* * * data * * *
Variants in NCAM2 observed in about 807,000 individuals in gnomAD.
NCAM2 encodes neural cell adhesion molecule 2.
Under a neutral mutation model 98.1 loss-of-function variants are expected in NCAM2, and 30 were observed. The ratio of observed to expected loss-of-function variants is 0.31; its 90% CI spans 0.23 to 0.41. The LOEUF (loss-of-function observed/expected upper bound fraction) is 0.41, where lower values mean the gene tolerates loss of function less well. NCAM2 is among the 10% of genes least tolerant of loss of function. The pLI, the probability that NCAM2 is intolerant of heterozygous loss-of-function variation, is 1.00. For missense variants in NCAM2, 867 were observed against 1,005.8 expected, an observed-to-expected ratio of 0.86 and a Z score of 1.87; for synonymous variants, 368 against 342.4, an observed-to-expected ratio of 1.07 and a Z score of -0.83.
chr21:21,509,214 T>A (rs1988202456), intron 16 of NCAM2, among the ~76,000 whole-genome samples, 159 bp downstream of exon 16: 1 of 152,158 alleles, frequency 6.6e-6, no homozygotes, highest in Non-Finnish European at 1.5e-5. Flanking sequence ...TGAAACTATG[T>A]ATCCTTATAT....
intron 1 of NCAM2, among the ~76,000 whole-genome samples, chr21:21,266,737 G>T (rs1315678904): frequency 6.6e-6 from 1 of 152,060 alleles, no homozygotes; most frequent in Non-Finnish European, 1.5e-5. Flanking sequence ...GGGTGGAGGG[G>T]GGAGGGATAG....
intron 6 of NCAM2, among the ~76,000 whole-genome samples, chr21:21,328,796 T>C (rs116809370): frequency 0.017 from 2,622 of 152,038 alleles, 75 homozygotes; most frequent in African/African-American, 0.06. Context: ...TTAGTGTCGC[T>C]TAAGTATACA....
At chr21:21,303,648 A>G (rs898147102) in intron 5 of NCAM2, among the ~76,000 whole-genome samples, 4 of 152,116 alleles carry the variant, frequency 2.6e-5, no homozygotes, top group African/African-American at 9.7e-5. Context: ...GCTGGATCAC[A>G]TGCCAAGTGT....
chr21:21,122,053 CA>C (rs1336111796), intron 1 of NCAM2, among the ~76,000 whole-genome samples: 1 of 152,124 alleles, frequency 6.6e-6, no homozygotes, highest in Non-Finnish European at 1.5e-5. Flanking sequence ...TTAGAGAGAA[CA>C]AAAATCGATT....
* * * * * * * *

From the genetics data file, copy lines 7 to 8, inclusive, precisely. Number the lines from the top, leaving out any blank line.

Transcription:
At chr21:21,303,648 A>G (rs898147102) in intron 5 of NCAM2, among the ~76,000 whole-genome samples, 4 of 152,116 alleles carry the variant, frequency 2.6e-5, no homozygotes, top group African/African-American at 9.7e-5. Context: ...GCTGGATCAC[A>G]TGCCAAGTGT....
chr21:21,122,053 CA>C (rs1336111796), intron 1 of NCAM2, among the ~76,000 whole-genome samples: 1 of 152,124 alleles, frequency 6.6e-6, no homozygotes, highest in Non-Finnish European at 1.5e-5. Flanking sequence ...TTAGAGAGAA[CA>C]AAAATCGATT....